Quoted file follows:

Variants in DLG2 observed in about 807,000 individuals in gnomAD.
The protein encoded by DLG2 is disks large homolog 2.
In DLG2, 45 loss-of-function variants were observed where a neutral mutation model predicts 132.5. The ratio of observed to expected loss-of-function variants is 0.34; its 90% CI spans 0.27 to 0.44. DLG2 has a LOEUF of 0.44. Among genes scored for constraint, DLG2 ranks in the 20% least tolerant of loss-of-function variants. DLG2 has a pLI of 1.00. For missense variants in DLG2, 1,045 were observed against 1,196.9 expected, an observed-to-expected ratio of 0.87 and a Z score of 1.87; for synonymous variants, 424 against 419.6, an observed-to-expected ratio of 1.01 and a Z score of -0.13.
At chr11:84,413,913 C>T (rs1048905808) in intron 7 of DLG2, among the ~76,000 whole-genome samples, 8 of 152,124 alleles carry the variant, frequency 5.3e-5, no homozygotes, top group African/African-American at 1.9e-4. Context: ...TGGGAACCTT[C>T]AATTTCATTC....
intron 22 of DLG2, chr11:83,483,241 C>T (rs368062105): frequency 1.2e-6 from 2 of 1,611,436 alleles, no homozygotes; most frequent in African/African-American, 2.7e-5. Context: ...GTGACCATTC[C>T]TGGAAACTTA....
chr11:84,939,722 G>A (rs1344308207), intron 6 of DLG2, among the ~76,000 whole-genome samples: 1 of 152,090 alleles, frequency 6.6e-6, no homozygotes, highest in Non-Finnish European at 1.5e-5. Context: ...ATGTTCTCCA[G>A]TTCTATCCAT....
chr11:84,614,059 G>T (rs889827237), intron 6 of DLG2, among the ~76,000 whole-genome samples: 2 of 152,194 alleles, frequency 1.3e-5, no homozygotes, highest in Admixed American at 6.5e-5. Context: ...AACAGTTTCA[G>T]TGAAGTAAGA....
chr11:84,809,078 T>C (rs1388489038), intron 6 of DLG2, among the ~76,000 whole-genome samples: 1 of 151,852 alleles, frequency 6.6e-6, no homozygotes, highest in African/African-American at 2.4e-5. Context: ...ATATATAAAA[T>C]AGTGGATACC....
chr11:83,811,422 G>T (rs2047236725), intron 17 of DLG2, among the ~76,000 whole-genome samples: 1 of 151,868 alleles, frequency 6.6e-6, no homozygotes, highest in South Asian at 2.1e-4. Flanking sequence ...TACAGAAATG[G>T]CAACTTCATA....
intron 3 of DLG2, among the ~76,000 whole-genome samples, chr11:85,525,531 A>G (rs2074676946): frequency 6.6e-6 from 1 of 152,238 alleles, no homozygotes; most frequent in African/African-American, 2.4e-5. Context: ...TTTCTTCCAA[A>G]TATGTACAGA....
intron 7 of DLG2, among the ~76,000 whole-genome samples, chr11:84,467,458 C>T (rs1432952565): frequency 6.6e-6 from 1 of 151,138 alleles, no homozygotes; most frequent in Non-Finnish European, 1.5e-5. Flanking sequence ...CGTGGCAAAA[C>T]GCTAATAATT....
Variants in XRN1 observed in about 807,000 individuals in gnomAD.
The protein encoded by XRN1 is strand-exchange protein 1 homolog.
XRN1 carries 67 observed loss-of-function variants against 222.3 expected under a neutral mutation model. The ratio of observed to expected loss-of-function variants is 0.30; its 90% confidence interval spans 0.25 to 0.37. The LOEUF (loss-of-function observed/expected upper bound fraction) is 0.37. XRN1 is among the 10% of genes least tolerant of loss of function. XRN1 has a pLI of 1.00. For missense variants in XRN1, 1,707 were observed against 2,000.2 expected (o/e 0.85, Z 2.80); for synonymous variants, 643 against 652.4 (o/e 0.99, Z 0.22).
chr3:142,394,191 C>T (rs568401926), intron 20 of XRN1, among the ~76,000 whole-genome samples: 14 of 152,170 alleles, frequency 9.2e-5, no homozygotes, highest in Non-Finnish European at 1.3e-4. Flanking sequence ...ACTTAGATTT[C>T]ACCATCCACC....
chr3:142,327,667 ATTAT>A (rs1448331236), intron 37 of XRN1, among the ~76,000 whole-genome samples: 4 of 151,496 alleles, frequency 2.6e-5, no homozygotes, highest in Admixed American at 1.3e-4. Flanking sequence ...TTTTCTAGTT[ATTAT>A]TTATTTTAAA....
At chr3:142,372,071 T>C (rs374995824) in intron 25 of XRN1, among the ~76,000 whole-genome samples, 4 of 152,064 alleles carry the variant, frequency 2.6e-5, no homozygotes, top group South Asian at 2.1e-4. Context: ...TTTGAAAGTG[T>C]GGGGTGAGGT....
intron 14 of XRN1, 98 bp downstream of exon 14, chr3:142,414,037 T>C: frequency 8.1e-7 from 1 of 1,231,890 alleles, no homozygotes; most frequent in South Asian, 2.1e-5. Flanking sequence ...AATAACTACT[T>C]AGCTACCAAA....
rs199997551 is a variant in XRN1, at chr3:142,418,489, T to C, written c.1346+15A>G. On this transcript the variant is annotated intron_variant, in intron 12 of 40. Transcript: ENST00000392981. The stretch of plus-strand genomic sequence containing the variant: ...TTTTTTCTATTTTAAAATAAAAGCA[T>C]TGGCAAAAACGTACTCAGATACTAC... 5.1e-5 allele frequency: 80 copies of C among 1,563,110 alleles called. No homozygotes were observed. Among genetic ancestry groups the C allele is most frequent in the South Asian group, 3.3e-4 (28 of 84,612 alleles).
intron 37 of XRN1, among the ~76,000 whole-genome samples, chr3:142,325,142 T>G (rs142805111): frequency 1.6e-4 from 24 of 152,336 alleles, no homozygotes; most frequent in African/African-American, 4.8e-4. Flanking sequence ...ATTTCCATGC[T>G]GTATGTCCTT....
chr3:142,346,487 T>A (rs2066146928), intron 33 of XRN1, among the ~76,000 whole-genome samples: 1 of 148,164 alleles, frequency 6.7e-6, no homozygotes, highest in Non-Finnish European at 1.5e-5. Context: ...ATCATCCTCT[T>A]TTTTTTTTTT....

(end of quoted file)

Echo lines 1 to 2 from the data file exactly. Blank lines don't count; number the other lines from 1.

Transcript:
Variants in DLG2 observed in about 807,000 individuals in gnomAD.
The protein encoded by DLG2 is disks large homolog 2.